Neal and I kicked off day three bright and early in Maplewood, NJ, where we were enjoying some great New England spring time weather. :D
First Stop: Clinton Elementary
[caption id="attachment_653" align="alignnone" width="745"]
Welcome to Clinton Library![/caption]
What we learned:
We did some advanced looping with the third grade coders of Clinton Elementary. The students we talked to all showed great interest in learning to code, so we decided to jump in to loops during the unplugged activity. After doing the unplugged version of loops, we projected Kodable on the SMART board, so everyone could see how loops work in the game. We solved a couple lessons together, and talked about how these loops are different from loops they've done in other programs. Once everyone said they felt comfortable, we handed out the iPads for them to try on their own and in groups.
Take away: Talking about how the loops worked differently, solving a few lessons together, and preparing with discussion, helped the actual individual work go really smoothly.
Favorite moment: During our conversation on bugs in programming, we diverted on to a science lesson on why insects are different from arachnids. Without thinking, I said arachnids were not bugs - WRONG! I was quickly reminded that arachnids are, indeed bugs. :) +1 to Clinton Elementary first grade scientists.
Question for the Kodable community: Do you know any good programming books for kids?
The great Jen Latimer is looking for some titles to add to their selection and I thought our #KidsCanCode and Kodable family would be the best place to start. Leave any suggestions in the comments or tweet at Jen personally: @jenlatimer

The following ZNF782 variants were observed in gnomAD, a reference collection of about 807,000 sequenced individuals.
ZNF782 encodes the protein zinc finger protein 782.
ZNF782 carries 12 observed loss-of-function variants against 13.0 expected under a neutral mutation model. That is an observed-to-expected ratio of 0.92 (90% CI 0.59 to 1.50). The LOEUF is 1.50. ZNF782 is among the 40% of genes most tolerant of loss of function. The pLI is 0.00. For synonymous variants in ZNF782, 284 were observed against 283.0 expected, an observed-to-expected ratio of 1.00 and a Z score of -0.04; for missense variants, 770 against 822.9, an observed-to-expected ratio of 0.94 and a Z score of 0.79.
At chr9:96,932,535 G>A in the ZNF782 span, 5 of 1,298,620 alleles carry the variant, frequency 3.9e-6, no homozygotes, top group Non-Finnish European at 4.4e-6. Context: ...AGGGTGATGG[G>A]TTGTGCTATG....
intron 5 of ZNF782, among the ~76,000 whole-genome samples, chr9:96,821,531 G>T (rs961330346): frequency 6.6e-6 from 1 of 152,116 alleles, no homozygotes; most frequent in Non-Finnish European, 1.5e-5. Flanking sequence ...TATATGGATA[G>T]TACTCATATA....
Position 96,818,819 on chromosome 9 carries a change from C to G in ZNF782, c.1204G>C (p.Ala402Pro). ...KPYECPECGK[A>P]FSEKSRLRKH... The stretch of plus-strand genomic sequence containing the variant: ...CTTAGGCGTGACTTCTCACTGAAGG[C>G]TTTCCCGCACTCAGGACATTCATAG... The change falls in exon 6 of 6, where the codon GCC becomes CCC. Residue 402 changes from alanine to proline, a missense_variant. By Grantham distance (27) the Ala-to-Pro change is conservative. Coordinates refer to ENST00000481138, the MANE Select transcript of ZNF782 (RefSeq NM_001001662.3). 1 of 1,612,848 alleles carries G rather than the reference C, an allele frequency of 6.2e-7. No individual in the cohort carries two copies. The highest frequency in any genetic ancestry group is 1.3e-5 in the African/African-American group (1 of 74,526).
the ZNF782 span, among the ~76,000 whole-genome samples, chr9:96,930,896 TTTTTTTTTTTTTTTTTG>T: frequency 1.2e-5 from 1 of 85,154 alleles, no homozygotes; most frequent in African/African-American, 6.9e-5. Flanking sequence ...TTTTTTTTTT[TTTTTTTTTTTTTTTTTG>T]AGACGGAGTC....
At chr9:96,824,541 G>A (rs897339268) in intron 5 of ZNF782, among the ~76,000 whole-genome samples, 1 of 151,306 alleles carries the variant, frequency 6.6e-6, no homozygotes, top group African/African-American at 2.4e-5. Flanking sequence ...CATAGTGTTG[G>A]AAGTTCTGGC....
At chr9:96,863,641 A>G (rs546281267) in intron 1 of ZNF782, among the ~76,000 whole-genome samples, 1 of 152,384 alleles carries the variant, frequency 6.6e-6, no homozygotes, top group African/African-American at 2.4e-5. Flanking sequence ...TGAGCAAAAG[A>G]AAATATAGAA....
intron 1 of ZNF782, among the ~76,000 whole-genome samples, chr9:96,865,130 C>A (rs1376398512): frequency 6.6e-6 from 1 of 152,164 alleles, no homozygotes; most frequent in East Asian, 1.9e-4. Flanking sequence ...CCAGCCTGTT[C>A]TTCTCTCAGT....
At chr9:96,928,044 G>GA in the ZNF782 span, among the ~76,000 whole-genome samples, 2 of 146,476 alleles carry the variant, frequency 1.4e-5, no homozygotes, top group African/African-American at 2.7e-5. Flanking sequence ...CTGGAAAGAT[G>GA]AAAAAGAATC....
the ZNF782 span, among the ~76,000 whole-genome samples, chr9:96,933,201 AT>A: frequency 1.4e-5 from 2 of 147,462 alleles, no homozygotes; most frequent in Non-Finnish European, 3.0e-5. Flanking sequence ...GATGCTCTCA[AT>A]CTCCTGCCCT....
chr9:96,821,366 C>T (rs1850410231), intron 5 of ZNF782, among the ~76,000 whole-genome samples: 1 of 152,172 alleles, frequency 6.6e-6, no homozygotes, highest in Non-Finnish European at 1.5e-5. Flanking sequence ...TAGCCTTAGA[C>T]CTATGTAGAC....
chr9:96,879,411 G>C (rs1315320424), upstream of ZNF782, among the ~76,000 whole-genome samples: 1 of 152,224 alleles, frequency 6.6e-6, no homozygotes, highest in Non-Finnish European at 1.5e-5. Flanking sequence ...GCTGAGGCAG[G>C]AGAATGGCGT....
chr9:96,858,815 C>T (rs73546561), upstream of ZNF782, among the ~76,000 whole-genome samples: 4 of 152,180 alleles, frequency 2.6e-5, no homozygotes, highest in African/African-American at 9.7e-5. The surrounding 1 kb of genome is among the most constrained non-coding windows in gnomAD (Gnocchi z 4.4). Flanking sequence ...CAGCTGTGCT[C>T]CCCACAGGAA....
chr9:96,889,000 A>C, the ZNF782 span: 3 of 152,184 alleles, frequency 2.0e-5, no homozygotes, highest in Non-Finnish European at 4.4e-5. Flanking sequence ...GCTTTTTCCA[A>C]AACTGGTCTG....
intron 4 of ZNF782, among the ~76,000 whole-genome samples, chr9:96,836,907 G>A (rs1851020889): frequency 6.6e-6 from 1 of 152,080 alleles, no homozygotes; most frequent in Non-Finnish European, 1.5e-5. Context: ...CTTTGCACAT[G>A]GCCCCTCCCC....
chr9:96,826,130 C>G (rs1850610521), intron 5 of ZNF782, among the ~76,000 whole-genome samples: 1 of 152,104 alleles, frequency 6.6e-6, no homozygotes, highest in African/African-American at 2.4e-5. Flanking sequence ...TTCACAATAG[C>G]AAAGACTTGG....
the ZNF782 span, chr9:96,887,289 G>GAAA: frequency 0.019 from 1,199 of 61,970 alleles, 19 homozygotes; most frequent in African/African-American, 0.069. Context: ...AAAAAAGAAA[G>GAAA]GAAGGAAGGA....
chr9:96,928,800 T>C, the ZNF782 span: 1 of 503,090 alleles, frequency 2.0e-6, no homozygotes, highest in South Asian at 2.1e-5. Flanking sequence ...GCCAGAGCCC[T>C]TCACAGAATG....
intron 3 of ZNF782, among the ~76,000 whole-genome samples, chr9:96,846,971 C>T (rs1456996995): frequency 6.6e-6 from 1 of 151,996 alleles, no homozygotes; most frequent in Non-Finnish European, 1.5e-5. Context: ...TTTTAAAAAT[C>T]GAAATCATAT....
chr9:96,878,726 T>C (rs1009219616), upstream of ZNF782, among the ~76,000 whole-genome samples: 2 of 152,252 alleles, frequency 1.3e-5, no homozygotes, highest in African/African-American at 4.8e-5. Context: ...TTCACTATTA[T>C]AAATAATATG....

"Hello Ruby" - by Linda Liukas
"What do you do with an Idea?" - by Kobi Yamada (Not programming, but still great. I just bought it for my niece)
Second Stop: Marshall Hill School
[caption id="attachment_652" align="alignnone" width="745"]
Look at all those lovely fuzzes![/caption]
What we learned:
Conditions have always been one of the hardest things for me to explain. I'm always trying new ways to make such an abstract concept seem more concrete. Logically, it is simple to understand, "If this, then that," but because it is such a logical expression it is hard to make it concrete in language the littles can understand.
Today, I tried out a new way of explaining it: "When your mom is giving directions to your dad when he is driving, how does he know when to turn? If she doesn't tell him to turn he'll keep doing straight. We have to give the fuzzes specific instructions telling them where to turn, or they'll keep going straight. We give them the signal to turn by using colors."
I'm going to keep trying this as we continue on the road tour. Perhaps it will make it's way into the next revision of the Kodable Learning Guide on Conditions. Will you give it a try? Let me know how it goes in the comments!
[caption id="attachment_654" align="alignnone" width="745"]
Expert coders working on conditions.[/caption]
Favorite moment: Seeing all of the beautiful fuzzes the kids had colored for us. The walls were covered with new fuzz ideas! <3
Everyone at Marshall Hill is on board with coding. It was wonderful to see all of the staff so engaged and excited about getting their students in to programming. Cindy Ranieri and Laura Oaks (@LauraOakes31) are doing a great job of building a community around coding, and they hope to continue that next year with more integration.